Use of methylene blue in hepatic arterial infusion pump resulting in serotonin syndrome. A case report
We report a case of a 35 year old woman with colon cancer metastatic to liver and lung who presented for exploratory laparotomy and/placement of hepatic arterial infusion pump for chemotherapy. Surgical course was notable for aberrant hepatic artery anatomy requiring extended dissection time, vascular surgery consultation, and use of substantial methylene blue to aid in visualization. Of note, patient’s history was also significant for anxiety and depression, for which she was being treated with the selective serotonin reuptake inhibitor (SSRI) duloxetine (Cymbalta). The patient subsequently developed serotonin syndrome in the postoperative period but fully recovered. Our case highlights the need for close attention to methylene dosing recommendations and improved communication between perioperative care providers (surgery, anesthesia, nursing, and pharmacy) to prevent such occurrences.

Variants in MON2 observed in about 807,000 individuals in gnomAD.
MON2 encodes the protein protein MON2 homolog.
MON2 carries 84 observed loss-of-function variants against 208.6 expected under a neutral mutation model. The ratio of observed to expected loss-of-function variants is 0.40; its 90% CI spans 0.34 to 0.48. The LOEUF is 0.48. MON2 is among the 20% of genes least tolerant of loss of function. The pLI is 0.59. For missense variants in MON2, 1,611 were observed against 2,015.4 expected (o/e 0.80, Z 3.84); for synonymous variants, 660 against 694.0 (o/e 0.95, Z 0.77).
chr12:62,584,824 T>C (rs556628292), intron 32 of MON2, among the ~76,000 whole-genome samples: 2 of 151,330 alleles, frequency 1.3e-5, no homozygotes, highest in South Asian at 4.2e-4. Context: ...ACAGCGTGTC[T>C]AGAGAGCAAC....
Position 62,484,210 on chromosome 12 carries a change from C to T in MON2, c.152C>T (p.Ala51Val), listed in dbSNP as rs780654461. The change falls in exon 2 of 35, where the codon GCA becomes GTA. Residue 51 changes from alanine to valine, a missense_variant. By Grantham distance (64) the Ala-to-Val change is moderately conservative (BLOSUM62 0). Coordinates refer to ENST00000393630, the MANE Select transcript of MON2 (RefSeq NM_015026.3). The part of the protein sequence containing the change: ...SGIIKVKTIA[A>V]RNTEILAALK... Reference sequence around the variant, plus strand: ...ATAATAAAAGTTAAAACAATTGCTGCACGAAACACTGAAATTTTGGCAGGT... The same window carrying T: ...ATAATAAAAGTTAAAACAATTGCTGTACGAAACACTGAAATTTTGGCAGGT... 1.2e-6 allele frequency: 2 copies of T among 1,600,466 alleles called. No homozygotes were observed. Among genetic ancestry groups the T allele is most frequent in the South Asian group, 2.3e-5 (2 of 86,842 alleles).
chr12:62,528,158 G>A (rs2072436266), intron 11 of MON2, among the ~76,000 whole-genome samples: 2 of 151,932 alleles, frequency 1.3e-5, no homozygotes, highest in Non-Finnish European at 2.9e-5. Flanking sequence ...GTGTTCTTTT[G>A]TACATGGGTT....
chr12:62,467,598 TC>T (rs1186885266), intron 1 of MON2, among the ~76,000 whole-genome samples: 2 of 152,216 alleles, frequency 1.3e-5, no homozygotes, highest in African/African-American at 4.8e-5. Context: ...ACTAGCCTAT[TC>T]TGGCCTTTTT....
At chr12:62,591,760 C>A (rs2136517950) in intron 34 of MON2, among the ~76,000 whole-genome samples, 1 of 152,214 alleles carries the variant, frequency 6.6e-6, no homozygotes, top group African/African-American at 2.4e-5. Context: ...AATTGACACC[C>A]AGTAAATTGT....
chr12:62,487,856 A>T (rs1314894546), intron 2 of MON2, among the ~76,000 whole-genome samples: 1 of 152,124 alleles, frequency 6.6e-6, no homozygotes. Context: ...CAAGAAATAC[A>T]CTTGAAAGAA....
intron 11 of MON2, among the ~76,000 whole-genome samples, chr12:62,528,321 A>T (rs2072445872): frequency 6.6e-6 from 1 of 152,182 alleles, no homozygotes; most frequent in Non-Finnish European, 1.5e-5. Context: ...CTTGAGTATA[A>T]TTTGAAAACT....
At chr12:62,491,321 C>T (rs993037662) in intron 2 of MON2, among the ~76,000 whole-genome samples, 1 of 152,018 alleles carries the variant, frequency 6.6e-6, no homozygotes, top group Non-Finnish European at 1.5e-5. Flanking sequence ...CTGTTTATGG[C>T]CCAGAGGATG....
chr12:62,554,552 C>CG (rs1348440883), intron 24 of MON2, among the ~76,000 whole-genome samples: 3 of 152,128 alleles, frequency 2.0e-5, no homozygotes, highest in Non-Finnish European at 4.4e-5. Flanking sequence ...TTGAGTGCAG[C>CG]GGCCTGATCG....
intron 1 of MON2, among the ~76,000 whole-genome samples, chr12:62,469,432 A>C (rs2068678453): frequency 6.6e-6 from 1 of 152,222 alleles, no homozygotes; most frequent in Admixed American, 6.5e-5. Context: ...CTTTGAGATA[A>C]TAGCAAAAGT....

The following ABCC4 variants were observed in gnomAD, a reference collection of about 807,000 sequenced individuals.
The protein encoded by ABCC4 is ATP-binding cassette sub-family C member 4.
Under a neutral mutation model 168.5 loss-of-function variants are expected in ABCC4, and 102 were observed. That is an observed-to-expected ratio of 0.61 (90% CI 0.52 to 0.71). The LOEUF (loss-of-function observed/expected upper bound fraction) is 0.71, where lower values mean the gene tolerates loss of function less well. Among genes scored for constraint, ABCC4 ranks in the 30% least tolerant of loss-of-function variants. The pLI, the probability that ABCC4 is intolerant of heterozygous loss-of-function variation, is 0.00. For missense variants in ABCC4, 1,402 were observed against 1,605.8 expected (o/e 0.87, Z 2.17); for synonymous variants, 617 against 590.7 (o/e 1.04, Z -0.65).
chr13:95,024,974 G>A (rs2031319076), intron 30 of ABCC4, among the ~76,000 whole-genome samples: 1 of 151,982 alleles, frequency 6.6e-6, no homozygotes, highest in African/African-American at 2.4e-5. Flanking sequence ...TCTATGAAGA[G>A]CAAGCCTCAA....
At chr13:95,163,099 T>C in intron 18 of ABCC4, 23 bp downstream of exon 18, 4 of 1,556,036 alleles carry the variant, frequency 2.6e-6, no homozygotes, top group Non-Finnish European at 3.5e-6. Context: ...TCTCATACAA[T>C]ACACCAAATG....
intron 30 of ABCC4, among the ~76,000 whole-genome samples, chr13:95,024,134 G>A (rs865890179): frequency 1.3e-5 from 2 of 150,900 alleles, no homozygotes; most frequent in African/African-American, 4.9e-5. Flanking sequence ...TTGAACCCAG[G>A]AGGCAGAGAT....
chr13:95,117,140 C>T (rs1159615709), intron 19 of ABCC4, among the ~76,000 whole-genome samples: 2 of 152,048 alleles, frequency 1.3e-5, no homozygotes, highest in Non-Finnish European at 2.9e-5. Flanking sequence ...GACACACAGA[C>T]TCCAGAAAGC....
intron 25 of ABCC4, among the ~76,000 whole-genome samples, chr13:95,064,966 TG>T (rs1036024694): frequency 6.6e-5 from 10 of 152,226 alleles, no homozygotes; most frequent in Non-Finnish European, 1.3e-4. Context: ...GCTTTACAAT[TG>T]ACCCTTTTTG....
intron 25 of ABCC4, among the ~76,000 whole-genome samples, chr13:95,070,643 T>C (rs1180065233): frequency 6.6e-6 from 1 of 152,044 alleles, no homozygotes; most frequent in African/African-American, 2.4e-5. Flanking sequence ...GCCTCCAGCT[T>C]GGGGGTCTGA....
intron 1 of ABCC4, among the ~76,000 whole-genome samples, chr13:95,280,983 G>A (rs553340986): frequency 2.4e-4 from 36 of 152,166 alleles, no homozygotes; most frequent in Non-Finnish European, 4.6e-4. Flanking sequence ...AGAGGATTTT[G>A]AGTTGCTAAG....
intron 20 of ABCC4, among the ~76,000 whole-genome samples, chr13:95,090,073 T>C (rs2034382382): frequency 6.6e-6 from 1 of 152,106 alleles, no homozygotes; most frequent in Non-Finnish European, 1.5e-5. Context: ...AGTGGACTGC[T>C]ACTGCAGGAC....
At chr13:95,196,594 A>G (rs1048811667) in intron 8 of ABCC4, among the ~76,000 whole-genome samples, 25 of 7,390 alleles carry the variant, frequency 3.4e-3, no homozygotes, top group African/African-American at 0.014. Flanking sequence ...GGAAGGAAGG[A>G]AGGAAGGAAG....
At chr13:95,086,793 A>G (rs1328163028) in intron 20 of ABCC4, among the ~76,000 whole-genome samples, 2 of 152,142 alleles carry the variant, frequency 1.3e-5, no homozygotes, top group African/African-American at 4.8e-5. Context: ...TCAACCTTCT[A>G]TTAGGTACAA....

Methylene blue is a phenothiazine derivative commonly used in medicine for staining and therapeutic purposes. It is a potent monoamine oxidase (MAO) inhibitor but is considered a relatively safe drug with few adverse effects and is often used during surgical procedures to assist with identification of structures such as nerves, tissues, and endocrine glands. Methylene blue also has therapeutic indication in the treatment of methemoglobinemia, vasoplegic shock, Alzheimer’s disease, and pediatric Malaria. Dosing regimen varies depending on indication for use and route of administration
The most common side effect of methylene blue is an abnormal urine or stool color. Less common side effects include but are not limited to mild bladder irritation, frequent urination, dizziness, nausea and vomiting, abdominal pain, diarrhea, headaches, and increased sweating (rxlist.com). An uncommon, albeit potentially catastrophic, side effect of methylene blue administration is serotonin syndrome. Administration of methylene blue on its own however, has not been known to cause serotonin toxicity
Serotonin syndrome, precipitated by concurrent use of methylene blue and SSRIs, is characterized by a triad of mental status, autonomic, and neuromuscular clinical signs and symptoms. In the presence of a serotonergic agent, serotonin syndrome can be confirmed with high probability by the presence of one of five conditions described by Hunter’s Serotonin Toxicity Criteria.
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Anesthesiology Case Reports